The behavior chain interruption strategy

A review of research and discussion of future directions

Mark Carter, Julie Grunsell

Research output: Contribution to journalReview article

12 Citations (Scopus)


This review examines research studies that utilize the behavior chain interruption strategy (BCIS) to teach communication skills to individuals with severe disabilities. The BCIS is a naturalistic teaching procedure that uses an interruption to a behavior chain (i.e., a routine) as the point of instruction. The BCIS has been successfully applied to the teaching of communication skills to individuals across a wide range of ages and of levels of disability, including learners with multiple disabilities. It has been employed to teach a range of communication forms, including pictorial communication systems, natural gestures, signing, and a switch activated communication device. However, a number of questions remain regarding the BCIS. In particular, it is questioned whether the type of interruptions employed in the procedure are likely to occur outside a training context and whether communication taught with the procedure generalizes to out-of-routine contexts. Implications for practice are considered and suggestions are offered for future research.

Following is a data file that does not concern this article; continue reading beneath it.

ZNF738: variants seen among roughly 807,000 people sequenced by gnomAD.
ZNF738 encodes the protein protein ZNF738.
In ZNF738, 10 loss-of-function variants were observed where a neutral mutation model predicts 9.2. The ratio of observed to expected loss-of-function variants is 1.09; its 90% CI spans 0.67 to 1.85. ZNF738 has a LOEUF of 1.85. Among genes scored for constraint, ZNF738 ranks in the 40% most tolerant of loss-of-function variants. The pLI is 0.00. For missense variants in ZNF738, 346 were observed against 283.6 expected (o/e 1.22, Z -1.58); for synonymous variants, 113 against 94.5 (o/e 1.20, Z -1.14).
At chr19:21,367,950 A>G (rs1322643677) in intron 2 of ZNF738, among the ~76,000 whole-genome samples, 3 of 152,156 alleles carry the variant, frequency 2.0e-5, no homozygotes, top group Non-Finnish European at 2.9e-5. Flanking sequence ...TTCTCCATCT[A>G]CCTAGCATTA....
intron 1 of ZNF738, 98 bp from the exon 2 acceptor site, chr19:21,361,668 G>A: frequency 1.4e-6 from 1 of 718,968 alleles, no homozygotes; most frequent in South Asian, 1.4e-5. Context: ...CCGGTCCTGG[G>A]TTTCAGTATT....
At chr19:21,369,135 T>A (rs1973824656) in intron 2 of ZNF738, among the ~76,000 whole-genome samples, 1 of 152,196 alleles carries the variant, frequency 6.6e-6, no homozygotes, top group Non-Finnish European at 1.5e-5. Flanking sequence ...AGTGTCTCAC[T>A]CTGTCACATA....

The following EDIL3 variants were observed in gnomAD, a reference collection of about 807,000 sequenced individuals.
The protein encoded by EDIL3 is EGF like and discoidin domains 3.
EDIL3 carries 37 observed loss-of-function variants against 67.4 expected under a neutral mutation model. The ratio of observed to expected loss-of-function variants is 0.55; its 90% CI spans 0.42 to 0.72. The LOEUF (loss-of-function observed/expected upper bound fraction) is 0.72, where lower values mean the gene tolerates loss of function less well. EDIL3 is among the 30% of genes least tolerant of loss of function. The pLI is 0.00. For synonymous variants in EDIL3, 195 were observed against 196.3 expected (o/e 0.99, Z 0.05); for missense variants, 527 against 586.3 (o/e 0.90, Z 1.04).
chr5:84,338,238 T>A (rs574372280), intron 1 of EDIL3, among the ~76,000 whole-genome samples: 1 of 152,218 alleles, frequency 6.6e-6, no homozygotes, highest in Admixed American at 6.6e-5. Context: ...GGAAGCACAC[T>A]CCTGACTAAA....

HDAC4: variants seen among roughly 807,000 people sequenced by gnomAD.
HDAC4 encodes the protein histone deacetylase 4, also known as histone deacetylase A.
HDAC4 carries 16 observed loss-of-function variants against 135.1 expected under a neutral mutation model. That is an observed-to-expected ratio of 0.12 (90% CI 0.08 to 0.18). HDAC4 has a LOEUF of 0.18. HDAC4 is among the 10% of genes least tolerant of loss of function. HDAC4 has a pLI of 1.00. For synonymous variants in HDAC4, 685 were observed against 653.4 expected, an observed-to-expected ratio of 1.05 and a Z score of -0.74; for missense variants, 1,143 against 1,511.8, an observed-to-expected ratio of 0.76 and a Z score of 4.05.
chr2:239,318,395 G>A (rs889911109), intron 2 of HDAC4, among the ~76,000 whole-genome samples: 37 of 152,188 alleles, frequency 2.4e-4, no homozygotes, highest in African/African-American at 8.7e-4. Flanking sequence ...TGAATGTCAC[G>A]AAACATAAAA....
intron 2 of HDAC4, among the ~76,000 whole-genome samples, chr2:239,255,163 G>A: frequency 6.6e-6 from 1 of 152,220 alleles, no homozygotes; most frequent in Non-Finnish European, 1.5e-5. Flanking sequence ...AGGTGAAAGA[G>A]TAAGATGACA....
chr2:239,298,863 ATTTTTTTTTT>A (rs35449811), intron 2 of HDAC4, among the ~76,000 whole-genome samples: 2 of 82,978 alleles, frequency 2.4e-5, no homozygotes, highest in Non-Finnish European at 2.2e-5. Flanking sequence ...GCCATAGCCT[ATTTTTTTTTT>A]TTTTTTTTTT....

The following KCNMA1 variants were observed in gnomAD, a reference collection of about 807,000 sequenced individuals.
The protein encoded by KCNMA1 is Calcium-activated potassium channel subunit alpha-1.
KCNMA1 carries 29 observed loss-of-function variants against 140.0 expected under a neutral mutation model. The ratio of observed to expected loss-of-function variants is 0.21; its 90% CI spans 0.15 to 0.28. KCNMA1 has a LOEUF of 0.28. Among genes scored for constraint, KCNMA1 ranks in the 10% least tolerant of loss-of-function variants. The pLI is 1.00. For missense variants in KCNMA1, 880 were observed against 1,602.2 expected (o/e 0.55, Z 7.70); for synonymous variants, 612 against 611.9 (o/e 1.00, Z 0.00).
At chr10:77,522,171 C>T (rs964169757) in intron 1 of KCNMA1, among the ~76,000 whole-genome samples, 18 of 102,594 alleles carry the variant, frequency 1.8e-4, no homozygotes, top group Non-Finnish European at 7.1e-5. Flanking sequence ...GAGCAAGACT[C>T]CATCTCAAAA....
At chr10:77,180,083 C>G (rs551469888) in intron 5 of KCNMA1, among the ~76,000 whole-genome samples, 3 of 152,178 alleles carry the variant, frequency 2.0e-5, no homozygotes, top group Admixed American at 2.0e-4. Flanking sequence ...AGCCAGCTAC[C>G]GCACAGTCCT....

Original languageEnglish
Pages (from-to)37-49
Number of pages13
JournalJournal of the Association for Persons with Severe Handicaps
Issue number1
Publication statusPublished - 1 Mar 2001


  • behavior chain interruption strategy
  • interrupted behavior chain
  • naturalistic teaching strategy
  • establishing operations
  • routines
  • communication skills
  • requesting

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